At a rally Tuesday afternoon, Tartine workers, San Francisco politicians and union organizers accused the owners of the famous Mission District bakery of interfering with the workers’ unionizing efforts and called on them to be neutral through the process.
“Hopefully they’re going to support their workers, the people they labor with every day,” said Supervisor Hillary Ronen, who represents District 9, which includes the Mission.
Tartine workers started organizing almost a year ago to join the International Longshore and Warehouse Union (ILWU), the same union that Anchor Brewing workers joined last year. They want better pay and a voice at a company they argue is getting too corporate.
The majority of employees at four Bay Area locations — the original Tartine Bakery and Tartine Manufactory in the Mission, Tartine in the Inner Sunset and Tartine in Berkeley — signed cards stating they support joining the union and submitted a letter to management in February requesting Tartine immediately recognize the effort. Management declined, leading to a formal election that’s scheduled for next week.
Tartine co-founder Elisabeth Prueitt said she’s pro-union in many cases but wants to keep Tartine union-free, in part because she believes Tartine already provides fair wages and strong benefits. Despite Tartine’s recent expansion into markets in Korea and Los Angeles, she said those locations are funded by outside investment and don’t have financial ties to the San Francisco locations, which have yet to turn a profit.
“Ask any restaurant owner — they’ve never contemplated being a union company,” Prueitt said.
In the weeks between the union announcement and the election, Tartine has scheduled a series of meetings for employees with consultants. Prueitt said the meetings are strictly informative, intended to ensure workers know their legal rights around organizing. But pro-union workers are billing them as what’s known in unions as “captive audience” meetings, gatherings employees are required to attend because they’re during working hours where employers can spread an anti-union message.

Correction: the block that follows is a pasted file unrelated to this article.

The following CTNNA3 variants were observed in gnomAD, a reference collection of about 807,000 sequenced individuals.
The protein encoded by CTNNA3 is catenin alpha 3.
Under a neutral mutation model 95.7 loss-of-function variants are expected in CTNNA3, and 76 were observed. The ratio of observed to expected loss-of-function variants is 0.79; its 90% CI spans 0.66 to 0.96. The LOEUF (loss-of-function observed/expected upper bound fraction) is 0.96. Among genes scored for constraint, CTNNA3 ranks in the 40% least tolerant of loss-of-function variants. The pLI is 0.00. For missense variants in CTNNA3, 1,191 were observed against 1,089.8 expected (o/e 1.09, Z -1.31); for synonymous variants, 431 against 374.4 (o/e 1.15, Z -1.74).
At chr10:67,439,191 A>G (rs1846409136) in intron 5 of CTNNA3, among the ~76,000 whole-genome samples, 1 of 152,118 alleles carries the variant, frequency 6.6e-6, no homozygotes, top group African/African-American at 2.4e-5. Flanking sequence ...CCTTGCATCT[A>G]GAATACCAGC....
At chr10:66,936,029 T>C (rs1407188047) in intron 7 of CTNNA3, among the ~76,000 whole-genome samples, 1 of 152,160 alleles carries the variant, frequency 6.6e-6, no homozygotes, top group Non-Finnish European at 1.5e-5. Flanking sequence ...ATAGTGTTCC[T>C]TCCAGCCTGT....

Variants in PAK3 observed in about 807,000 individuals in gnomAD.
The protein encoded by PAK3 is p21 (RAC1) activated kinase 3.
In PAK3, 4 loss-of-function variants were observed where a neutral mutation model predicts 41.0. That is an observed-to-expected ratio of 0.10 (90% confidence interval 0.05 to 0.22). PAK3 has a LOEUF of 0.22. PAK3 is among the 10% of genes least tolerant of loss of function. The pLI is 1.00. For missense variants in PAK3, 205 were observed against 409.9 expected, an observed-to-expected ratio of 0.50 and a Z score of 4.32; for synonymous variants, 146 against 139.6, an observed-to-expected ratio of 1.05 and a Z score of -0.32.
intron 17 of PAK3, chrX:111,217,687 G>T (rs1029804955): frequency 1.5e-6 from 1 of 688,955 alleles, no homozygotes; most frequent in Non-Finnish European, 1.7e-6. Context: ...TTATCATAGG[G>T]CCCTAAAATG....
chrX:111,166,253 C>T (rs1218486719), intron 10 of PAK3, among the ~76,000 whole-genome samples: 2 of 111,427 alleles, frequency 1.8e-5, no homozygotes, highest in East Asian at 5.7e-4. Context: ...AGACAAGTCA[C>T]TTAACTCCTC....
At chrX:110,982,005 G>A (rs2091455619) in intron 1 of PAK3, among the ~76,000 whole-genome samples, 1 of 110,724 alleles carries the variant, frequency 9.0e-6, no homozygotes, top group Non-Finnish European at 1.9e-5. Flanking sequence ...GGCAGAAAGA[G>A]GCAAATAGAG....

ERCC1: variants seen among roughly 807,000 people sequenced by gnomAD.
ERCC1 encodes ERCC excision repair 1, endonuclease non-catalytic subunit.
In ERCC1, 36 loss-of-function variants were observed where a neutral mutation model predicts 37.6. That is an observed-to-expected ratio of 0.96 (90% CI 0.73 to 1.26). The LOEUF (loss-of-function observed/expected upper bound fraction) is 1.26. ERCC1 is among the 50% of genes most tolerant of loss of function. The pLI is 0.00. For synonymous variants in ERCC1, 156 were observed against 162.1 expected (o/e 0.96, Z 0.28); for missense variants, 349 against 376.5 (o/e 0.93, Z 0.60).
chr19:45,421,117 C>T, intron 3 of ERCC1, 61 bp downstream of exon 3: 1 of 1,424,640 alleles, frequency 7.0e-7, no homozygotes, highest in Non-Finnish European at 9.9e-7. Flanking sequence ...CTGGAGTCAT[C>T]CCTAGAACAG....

“It’s fear mongering and making people feel like they’ll be punished if they’re unionized,” said Tartine Manufactory barista Emily Haddad.
The rally on Tuesday was held outside Tartine Manufactory, which was closed to make time for these meetings. On Wednesday, Tartine Bakery on Guerrero Street will be closed for the same reason.
“It’s hard to get everyone together because of the nature of this business, so we decided to close for half a day so we could better address everybody’s concerns,” Prueitt said. “We want to make sure our employees are fully aware of all of the steps.”
Workers don’t approve of the meeting plan. While Tartine pays employees normal salaries during the closure, the wait staff and other front-of-house workers won’t get tips. According to ILWU organizer Agustin Ramirez, Tartine front-of-house staff typically get $10-$15 per hour in tips.
Among the consultants Tartine hired is Lupe Cruz, a former organizer at the hotel and foodservice union Unite Here who also previously headed union-avoidance agency Cruz & Associates. Prueitt confirmed the hire.
Cruz & Associates’ services — including responding “immediately and effectively to union activity,” according to its now-defunct website — don’t come cheap. Grocery chain New Seasons Market, for example, paid Cruz $325,855 in 2017, while Williams-Sonoma paid Cruz $150,543 in 2016, according to federal records.
Janelle Bitker is a San Francisco Chronicle staff writer. Email: [email protected] Twitter: @janellebitker
Source: Thanks https://www.sfchronicle.com/food/article/Bay-Area-Tartine-Bakery-workers-accuse-owners-of-15102900.php